Pliosaurs, otherwise known as short-necked Plesiosaurs had large skulls and enormous jaws armed with long, triangular or conical teeth.  They propelled their streamlined bodies through the water using four paddle-like limbs.  Just how big some of these Pliosaurs could have been is open to speculation, although recent discoveries such as the Svalbard specimen, or the remains of the jaws and skull of Pliosaur found in Dorset indicate that some species could have grown to lengths easily in excess of fifteen metres.  These creatures had their heyday in the Jurassic, survived into the Cretaceous but become increasingly rare in the fossil record towards the end of the Mesozoic.

An Illustration of a Typical Jurassic Pliosaur

Apex Predator of the Jurassic

Apex Predator of the Jurassic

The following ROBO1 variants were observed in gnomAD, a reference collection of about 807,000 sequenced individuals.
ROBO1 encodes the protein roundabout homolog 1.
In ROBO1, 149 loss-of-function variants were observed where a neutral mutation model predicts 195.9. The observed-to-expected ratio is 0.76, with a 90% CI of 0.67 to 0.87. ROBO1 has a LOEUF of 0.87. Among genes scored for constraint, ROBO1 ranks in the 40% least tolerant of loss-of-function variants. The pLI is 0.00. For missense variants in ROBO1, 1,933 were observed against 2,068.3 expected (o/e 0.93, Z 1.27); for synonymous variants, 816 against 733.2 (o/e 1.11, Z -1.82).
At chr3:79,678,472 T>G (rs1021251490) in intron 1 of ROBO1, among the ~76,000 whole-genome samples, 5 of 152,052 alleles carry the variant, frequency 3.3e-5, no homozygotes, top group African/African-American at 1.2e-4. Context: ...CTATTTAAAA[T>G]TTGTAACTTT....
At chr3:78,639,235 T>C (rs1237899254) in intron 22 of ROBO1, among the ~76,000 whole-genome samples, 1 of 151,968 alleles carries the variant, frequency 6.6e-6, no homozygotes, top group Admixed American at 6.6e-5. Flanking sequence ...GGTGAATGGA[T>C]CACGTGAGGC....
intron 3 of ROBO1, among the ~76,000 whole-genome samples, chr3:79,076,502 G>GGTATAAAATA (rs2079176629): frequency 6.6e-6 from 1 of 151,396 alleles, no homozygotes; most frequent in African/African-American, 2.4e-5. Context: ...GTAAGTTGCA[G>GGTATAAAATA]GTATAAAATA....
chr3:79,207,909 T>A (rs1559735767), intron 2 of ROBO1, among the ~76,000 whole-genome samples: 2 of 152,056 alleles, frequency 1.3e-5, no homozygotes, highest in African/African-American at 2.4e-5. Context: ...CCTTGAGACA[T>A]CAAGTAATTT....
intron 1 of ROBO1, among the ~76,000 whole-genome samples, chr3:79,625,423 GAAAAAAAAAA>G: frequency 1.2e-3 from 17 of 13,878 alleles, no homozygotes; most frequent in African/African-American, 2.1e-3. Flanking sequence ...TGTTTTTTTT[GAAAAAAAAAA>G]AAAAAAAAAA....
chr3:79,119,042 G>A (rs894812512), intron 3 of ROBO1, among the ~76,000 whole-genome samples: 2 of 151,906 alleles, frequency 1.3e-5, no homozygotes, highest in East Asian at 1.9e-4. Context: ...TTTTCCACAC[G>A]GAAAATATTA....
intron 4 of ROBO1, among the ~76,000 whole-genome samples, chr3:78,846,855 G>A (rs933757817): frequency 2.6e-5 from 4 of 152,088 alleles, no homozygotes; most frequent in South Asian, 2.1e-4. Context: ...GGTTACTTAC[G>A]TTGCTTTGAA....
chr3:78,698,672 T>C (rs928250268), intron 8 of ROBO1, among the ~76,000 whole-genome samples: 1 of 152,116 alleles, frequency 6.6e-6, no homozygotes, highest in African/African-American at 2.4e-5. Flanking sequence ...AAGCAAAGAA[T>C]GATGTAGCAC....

Picture Credit: Everything Dinosaur

The genus known as Liopleurodon (the name means “smooth-sided tooth”), is illustrated in the picture above.  It has the typically massive jaws and powerful flippers of this family of reptiles.  Some of the teeth in the lower jaw measured nearly twice the size of an adult T. rex tooth.  A number of scientists have estimated that these creatures may have had some of the strongest bites of any known vertebrate.

Ann Ainsworth, assistant curator of natural history at the Colchester and Ipswich Museum, commented that the fossil was in very good condition, however, she stated:

“Marine reptiles are not animals you would expect to find as fossils in Suffolk as the local rocks are not the right age.”

So the question is, how did the fossil end up buried in a Suffolk garden?